Travel Carefully and Carefree
The holiday season can be a hectic time to travel, especially for older adults. Millions of Americans are flocking to airports, piling onto trains and loading up buses. Here are some tips that can make the holiday travel season a little less risky for the older traveler.

Check Your Vaccinations

Find out if you need to update your vaccinations: If you're traveling overseas, you may need to get certain shots before departing - up to 6 weeks before you leave, in some cases. Visit the Federal Centers for Disease Control and Prevention (CDC) Web site, and click on your destinations for required and recommended vaccines.

Talk To Your Doctor

Explain your travel plans, and discuss any travel precautions you should take. Your doctor may ask you to come in for a checkup or to get any necessary shots.

Ask When You Should Take Your Medications

If you take medications, and will be crossing time zones, ask your physician whether you should take your meds at your usual home-time-zone time, or switch, and how. Also ask if any new foods you might eat while traveling could interact with your meds.

Guard Against Deep-vein Thrombosis(DVT)

Older adults run a higher-than-average risk of DVT, which happens when blood clots form in your veins, usually in your legs, and block blood flow. Sitting still for a long time on an airplane or train can contribute to DVT. But some research finds that wearing special "compression stockings" can help prevent this dangerous condition. Check with your doctor.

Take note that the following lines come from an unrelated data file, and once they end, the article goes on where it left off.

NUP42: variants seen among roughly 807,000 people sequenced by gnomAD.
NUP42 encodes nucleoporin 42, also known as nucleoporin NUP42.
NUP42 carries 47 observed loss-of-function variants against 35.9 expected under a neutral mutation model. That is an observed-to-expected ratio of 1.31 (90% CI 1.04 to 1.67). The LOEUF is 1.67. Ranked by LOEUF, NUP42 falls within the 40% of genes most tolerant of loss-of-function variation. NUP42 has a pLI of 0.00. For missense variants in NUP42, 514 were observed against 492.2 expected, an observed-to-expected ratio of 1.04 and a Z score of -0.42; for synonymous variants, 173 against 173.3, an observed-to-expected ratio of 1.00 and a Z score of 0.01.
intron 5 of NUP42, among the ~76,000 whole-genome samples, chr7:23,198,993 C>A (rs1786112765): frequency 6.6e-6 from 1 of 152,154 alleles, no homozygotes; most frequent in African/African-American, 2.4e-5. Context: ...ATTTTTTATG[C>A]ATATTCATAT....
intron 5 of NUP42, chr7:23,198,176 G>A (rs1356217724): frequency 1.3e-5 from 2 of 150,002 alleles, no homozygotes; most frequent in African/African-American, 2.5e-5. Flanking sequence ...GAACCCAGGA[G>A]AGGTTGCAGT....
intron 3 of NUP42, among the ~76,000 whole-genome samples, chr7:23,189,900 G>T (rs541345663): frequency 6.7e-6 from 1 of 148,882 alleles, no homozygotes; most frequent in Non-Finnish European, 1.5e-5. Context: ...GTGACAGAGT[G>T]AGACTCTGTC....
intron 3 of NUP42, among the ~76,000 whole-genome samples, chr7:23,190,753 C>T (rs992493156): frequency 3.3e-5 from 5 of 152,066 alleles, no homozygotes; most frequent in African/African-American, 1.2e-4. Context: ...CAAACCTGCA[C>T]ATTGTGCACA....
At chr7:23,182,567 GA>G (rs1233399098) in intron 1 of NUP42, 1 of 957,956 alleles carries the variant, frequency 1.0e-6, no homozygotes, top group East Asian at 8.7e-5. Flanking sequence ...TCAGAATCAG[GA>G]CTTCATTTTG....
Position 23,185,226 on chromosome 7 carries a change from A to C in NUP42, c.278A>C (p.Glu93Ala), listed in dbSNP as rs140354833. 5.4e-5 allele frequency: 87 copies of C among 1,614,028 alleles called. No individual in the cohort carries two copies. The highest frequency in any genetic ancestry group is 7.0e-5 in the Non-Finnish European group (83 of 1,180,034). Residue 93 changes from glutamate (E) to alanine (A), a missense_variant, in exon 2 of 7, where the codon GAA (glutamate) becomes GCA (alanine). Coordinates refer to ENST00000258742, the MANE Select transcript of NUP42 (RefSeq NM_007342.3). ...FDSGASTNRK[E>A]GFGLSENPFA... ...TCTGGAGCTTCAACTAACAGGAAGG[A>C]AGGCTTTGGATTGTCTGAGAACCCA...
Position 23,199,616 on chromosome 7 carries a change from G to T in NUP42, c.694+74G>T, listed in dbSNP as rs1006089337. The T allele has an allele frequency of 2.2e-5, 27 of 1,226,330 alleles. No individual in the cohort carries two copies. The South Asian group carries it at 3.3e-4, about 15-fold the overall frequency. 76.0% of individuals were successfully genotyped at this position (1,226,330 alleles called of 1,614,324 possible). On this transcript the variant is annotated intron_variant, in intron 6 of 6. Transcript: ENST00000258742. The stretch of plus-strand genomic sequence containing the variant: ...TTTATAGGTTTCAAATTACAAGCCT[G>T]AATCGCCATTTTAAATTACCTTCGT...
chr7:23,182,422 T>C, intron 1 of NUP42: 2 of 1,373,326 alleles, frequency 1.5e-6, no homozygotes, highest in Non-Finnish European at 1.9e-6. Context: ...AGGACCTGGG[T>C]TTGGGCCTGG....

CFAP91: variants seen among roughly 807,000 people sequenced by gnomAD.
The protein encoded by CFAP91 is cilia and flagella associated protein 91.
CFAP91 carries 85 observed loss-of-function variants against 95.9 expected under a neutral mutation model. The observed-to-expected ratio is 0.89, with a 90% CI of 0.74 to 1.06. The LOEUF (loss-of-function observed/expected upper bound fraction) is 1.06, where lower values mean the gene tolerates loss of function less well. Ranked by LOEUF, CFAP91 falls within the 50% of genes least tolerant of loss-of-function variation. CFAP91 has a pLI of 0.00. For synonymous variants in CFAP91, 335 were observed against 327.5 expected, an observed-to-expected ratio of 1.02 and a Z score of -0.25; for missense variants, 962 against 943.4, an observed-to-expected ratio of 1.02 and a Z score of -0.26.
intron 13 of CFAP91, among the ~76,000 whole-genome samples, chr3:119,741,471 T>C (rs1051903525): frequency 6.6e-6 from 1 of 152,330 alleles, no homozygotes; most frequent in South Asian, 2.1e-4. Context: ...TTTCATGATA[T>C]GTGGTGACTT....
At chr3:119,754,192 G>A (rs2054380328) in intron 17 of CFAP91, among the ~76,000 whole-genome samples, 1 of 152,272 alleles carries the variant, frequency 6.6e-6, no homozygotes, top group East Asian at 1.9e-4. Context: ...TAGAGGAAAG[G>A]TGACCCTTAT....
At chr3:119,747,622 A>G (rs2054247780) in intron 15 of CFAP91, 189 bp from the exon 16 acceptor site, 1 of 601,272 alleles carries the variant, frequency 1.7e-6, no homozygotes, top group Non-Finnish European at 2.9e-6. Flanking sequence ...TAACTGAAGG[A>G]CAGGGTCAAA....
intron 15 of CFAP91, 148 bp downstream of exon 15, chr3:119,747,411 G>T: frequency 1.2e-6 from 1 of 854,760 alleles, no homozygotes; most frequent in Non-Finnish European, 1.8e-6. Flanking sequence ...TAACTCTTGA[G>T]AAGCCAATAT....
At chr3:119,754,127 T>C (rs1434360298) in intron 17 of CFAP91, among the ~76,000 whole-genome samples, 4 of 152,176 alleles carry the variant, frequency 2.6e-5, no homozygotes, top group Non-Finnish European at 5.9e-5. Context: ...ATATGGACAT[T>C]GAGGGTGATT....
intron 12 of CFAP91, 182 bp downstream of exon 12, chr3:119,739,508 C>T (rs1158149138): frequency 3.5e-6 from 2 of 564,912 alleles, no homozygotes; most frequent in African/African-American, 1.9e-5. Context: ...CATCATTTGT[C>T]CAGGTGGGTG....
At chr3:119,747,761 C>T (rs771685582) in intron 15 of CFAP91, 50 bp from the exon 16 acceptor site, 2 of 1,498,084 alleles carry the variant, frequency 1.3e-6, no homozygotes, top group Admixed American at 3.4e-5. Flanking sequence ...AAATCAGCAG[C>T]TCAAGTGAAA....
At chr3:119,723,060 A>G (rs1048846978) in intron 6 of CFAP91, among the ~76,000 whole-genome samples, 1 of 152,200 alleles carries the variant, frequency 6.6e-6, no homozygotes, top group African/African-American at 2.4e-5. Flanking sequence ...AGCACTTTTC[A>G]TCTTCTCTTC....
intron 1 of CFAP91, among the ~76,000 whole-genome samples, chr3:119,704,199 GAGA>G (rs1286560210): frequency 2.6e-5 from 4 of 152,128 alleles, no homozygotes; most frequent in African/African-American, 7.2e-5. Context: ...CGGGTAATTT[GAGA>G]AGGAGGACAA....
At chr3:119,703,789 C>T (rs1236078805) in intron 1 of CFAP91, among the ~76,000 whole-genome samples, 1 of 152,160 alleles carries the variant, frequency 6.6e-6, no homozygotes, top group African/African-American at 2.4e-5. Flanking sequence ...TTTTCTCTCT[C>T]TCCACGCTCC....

Get It In Writing

Ask your physician to write down the following:

  • Any medical problems you have and how they're being treated.
  • The names (including generic names) of any drugs you're taking, the doses, and when and how you take them (whether you use a needle, for instance).
  • The amount of each drug you need to take with you on your trip.
Having all of this on paper will make it easier for you to get through customs, and easier to get replacement drugs if you lose any while traveling. Make a copy of the list, and carry one with you, and keep the other in a suitcase.

Keep Your Pills in Their Original Containers

Do this with prescription and over-the-counter medicines and supplements. This will also make your trip through customs easier.

Carry All Necessary Medications With You

Pack your medications in your carry-on bag to avoid loss or damage.

Protect Yourself From Infection
  • Wash your hands or use an alcohol-based "hand sanitizer," especially after spending time on a crowded plane, train, or bus, and before eating.
  • Watch what you eat, and drink. The CDC travel site includes country-by-country information on food- and water-borne illnesses and how to avoid them.
  • Drink water on the plane: The air inside planes is dry, so bring a large bottle of water with you and drink whenever the least bit thirsty. Or ask for a bottle of water every time the flight attendant offers a drink.